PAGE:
An intermediary must provide all the required information through electronic means, i.e., electronic message (e.g., e-mail, social media messages, instant messages) that contains either the information or a specific link to the information as posted on the intermediary’s platform or that provides notice of what the information is and that it is located on the intermediary’s platform or on the issuer’s website.[11] In doing so, an intermediary must first let the investor open an account with the intermediary and obtain the investor consent to electronic delivery of materials before it can accept an investment commitment.[12] An intermediary must also provide the SEC and investors with any required information provided by the issuer on the intermediary’s platform, in a manner that reasonably permits saving, downloading, or otherwise storing the information, for a minimum of 21 days before any securities are sold and until the offer and sale of crowdfunded securities is completed or canceled.[13] An intermediary may not require any person to establish an account with the intermediary to access this information.[14]

In our next post, we will discuss the requirements for funding portals under the final rules.

This post was a part of a multi-part series on the SEC final rules on the crowdfunding exemption.  You can find the other posts by searching our blogs at www.mcbrideattorneys.com.

This posting is intended to be a planning tool to familiarize readers with some of the high-level issues discussed herein.  This is not meant to be a comprehensive discussion and additional details should be discussed with your transaction planners including attorneys, accountants, consultants, bankers and other business planners who can provide advice for your circumstances.  This article should not be treated as legal advice to any person or entity.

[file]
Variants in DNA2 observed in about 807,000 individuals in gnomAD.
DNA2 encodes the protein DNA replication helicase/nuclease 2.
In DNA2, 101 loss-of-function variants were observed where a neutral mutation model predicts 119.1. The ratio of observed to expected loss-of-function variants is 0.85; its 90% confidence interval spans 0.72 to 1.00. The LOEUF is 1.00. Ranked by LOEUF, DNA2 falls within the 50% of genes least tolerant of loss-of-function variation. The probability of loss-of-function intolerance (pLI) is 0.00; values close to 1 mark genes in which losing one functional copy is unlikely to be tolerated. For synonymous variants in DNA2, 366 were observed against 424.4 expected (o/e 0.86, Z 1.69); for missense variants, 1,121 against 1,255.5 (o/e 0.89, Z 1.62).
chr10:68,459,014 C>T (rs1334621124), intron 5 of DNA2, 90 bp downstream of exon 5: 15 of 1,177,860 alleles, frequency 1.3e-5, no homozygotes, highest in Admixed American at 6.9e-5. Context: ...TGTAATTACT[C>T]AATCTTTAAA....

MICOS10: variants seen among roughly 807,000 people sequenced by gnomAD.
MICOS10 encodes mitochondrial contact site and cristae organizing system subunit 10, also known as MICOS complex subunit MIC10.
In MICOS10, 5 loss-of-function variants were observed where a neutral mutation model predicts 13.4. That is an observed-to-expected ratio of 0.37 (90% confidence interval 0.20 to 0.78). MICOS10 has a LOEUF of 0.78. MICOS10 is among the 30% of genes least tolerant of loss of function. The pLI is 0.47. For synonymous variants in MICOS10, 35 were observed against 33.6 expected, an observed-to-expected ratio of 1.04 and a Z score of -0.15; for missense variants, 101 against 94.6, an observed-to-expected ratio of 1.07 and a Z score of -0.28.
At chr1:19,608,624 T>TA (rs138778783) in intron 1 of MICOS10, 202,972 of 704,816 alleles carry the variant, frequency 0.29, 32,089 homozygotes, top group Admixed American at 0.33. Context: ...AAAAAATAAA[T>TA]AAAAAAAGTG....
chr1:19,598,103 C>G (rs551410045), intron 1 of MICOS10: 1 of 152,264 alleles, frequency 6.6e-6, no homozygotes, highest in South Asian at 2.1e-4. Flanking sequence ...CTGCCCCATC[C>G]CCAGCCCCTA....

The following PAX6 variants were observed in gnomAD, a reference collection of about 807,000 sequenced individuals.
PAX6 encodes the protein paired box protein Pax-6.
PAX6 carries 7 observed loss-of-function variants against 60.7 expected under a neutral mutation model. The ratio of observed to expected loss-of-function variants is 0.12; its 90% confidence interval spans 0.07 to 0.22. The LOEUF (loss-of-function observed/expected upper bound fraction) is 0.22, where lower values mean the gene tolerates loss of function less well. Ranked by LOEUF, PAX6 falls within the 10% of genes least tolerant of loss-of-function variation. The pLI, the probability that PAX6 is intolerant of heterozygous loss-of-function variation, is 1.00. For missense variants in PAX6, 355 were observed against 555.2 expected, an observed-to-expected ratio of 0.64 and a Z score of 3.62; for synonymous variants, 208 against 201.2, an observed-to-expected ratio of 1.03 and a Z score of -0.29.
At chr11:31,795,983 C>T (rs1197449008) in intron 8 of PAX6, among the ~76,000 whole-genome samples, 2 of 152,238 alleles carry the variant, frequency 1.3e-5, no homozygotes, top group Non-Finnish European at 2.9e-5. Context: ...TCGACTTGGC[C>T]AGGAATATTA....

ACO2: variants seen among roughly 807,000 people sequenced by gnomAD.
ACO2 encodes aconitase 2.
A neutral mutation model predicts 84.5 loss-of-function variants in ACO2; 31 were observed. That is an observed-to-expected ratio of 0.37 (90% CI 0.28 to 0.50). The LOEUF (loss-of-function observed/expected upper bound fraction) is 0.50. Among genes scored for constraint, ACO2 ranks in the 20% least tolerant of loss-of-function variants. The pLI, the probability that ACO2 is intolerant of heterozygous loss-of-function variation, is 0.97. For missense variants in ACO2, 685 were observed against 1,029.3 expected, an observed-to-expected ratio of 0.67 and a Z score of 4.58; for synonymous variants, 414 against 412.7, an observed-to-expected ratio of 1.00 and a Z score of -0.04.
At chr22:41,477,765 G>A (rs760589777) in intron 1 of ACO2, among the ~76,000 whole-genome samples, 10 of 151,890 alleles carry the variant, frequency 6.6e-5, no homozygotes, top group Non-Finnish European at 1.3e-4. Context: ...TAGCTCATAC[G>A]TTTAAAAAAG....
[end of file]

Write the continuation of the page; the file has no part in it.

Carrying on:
Steps have been taken to verify the contents of this article prior to publication.  However, readers should not, and may not, rely on this article.  Please consult with counsel to verify all contents and do not rely solely on this article in planning your legal transactions.

About the Author

Shawn McBride – R. Shawn McBride is the Managing Member of The R. Shawn McBride Law Office, P.L.L.C., which helps clients in legal issues related to starting companies, joint ventures, raising capital from and negotiating with investors and outside General Counsel functions. Shawn can be contacted at: (214) 418-0258; shawn.mcbride@rsmlawpllc.com, or www.mcbrideattorneys.com.

[1] See generally 15 U.S.C. § 77d-1(a).

[2] 17 C.F.R. § 227.300(a).

[3] Id.

[4] Id.

[5] Id. § 227.300(b).

[6] Id. § 227.300(c).

[7] Id. § 227.301(a), (b).

[8] Id. § 227.301(c).

[9] Id.

[10] Id. § 227.302(b).

[11] Id. § 227.302(a).

[12] Id.

[13] Id. § 227.303(a).

[14] Id.

Posted In: JOBS Act, Private Placements, Raising Capital, Securities Laws, Uncategorized

Facebooktwittergoogle_pluslinkedinmailAbout the Author Shawn works successful, private business owners in their growth and missions to make a company that stands the test of time. You can email or call (214) 418-0258.

Leave a Reply


Error: Please enter a valid email address

Error: Invalid email

Error: Please enter your first name

Error: Please enter your last name

Error: Please enter a username

Error: Please enter a password

Error: Please confirm your password

Error: Password and password confirmation do not match